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Can You Come for a Visit? My ME/CFS Says No
My daughter and son-in-law just had a baby last week. We are thrilled. But we won't be able to see the baby or hold her any time soon. We won't be able to take over little gifts or help out with housework or babysitting.
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Should a CFS female have a baby? Should she go on antiretrovirals during pregnancy?

Discussion in 'XMRV Testing, Treatment and Transmission' started by CAcfs, Oct 7, 2010.

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  1. rwac

    rwac Senior Member

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    There's a good chance that a few centuries ago, people with CFS would not have been ill in the first place. If you read Dr. Deckoff-Jones blog, XMRV may well have arisen accidentally in certain vaccines. So Modernity is a blessing and perhaps a curse.
     
  2. Fejal

    Fejal *****

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    Waverunner, good to have some agreement.

    fla, a little hard to follow but I get your point. Best not to spread cfs vulnerable genes around.

    rwac, evidence that XMRV matters at all is nonexistent. More likely, other vectors are activating the vitamin D receptor and NF-KB pathway and XMRV happens to be around and coincidentally is promoted by it. So far it isn't listed as activating these pathways themselves and hasn't been shown to have any virulent effects in diseases where it is found. So for, I have to conclude that it's just a marker of other pathogens who are the virulent ones. I hate to do this because it probably torpedoes my workman's compensation case but it is what it is.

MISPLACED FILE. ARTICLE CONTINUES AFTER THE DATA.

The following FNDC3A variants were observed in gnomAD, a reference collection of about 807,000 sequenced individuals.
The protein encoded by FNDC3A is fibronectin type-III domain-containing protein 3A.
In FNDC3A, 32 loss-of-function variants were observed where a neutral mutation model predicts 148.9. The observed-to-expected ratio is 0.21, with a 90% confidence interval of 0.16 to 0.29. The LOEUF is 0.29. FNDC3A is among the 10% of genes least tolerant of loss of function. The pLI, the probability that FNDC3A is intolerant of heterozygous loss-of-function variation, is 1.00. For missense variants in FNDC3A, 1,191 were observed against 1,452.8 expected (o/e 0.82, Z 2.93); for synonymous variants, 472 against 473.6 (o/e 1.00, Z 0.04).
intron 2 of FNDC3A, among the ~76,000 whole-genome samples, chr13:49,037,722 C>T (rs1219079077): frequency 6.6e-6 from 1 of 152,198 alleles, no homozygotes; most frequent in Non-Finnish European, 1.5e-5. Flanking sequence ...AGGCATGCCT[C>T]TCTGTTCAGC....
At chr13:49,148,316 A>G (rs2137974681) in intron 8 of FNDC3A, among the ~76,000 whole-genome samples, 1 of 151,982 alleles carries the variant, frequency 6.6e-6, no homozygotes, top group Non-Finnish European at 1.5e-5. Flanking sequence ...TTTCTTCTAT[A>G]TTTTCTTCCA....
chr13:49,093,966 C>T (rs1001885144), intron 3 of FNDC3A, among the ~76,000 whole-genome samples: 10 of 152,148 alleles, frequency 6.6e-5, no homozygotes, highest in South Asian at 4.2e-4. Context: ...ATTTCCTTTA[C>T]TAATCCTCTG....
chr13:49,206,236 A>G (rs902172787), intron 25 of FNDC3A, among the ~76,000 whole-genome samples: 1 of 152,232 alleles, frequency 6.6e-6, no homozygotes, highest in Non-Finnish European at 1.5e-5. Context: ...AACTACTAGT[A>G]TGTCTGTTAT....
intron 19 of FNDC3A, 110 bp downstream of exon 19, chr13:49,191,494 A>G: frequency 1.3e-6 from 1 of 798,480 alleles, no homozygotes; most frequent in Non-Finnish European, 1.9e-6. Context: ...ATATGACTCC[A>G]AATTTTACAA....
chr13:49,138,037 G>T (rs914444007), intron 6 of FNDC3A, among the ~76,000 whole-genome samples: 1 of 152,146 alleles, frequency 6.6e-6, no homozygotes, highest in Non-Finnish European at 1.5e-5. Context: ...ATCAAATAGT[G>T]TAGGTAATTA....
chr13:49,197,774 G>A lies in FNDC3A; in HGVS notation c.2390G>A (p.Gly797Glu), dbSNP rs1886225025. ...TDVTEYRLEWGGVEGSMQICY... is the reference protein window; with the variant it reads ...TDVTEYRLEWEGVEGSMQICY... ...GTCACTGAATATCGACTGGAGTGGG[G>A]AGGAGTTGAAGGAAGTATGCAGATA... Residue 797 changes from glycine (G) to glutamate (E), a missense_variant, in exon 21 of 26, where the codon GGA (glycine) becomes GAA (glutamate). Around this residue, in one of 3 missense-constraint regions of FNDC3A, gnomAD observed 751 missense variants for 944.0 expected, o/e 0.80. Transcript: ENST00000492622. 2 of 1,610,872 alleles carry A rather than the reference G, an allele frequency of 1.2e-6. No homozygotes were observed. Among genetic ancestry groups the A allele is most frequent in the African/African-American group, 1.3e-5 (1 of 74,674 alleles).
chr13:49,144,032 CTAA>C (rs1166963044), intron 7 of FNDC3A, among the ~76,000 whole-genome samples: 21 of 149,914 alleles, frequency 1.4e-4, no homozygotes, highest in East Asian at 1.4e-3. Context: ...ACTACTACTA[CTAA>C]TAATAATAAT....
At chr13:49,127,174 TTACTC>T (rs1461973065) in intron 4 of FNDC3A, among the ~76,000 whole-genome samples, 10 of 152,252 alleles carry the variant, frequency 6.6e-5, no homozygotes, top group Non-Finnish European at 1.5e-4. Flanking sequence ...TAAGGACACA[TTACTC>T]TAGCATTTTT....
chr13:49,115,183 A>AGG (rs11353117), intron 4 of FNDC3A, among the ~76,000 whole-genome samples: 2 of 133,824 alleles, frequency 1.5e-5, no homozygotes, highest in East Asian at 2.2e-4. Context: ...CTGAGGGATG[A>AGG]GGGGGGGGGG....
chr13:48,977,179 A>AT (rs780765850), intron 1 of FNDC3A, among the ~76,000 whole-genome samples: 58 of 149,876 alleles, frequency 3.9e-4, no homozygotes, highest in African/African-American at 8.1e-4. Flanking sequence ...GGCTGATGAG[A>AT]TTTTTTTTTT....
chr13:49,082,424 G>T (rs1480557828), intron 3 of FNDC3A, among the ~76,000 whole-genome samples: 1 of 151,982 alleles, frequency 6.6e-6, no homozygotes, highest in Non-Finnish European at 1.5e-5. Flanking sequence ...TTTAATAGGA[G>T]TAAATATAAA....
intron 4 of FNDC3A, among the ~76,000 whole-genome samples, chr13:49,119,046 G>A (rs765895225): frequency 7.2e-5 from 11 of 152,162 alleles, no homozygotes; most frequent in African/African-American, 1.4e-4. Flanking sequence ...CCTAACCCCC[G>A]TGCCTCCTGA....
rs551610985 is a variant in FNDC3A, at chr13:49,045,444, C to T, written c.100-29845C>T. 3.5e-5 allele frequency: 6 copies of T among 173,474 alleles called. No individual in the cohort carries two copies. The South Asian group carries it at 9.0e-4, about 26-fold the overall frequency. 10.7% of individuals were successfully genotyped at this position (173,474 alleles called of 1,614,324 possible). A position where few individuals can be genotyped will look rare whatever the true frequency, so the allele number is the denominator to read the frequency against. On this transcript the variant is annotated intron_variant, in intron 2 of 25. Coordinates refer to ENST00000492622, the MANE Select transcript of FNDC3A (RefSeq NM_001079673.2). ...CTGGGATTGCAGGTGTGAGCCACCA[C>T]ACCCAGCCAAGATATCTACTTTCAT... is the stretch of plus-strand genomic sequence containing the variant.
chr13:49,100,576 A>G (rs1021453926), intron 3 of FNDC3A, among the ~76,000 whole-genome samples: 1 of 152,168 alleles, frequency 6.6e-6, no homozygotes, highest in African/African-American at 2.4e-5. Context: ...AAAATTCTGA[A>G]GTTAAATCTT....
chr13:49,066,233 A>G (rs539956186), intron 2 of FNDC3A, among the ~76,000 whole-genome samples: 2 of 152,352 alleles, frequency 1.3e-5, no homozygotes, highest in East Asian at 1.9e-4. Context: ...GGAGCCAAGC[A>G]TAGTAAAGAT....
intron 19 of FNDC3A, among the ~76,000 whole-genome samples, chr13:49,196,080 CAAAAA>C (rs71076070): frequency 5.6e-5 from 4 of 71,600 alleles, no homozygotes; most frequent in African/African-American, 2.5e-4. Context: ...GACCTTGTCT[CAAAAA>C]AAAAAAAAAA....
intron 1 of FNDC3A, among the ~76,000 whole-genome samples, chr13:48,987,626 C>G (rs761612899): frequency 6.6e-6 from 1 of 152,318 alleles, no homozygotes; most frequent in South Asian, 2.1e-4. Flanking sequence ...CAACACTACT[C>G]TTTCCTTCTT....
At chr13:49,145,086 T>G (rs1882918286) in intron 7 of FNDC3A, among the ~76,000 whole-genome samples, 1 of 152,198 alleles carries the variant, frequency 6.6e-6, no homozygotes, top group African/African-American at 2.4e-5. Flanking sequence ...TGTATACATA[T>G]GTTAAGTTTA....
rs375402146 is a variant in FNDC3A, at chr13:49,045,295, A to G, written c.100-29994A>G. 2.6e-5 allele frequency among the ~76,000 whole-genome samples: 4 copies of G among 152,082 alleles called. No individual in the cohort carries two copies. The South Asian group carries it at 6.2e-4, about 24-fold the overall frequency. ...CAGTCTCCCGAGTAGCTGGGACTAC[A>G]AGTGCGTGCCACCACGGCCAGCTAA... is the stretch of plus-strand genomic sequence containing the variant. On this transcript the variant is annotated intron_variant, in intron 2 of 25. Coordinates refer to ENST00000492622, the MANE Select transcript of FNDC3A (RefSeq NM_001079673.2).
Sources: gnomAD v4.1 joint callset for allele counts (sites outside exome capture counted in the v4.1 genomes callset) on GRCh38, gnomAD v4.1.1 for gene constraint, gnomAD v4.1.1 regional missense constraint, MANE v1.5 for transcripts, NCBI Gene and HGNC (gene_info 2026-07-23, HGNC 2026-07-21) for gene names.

3. SOC

    SOC Moderator and Senior Member

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    It's been a while since I've run across such an ugly and hateful thread on PR.

    While there are some disabled persons who wish they did not exist, the vast majority -- including many who are much more disabled than most ME/CFS patients -- are glad to be alive. The idea that the possibility the a child might have ME/CFS should preclude an adult from procreating is patently absurd.

    I am a PWC with a child who is a PWC. We both had the same very sudden onset illness that initiated (or triggered) our ME/CFS. Were we genetically predisposed to this illness? Quite possibly, since my uncle also has ME/CFS.

    My daughter is a wonderful young woman. She has always been loving, well-behaved, and intelligent. She is an excellent swimmer and was a well-loved swim teacher. She played tennis and now, even though she can't play much, is still a coach and manager with her tennis club. She is currently an engineering student at a top-ranked engineering school. Is it harder for her than for other people? Yes. Does that stop her? No.

    Should this lovely, charming, intelligent girl not have been born because of the possibility she might develop ME/CFS? Of course not. As it turns out, she did develop ME/CFS, but she is no less lovely, charming, and intelligent because of it.

    If everyone who might pass on a genetic susceptibility to a serious illness refused to procreate, there would be very few children born every year. Think about it. If every family line that had cancer, heart disease, diabetes, MS, autism, psychiatric illnesses, etc, in their family line refused to procreate, who would be left?

    I'm sorry that you have such a miserable existence, Fejal, that you think it would be better not to have been born. That is not my experience, or that of my daughter, or my uncle, or even most of the PWCs in this world. Maybe you can find a way to have a happier life, even with ME/CFS. It's possible. Look around.
     
  4. insearchof

    insearchof Senior Member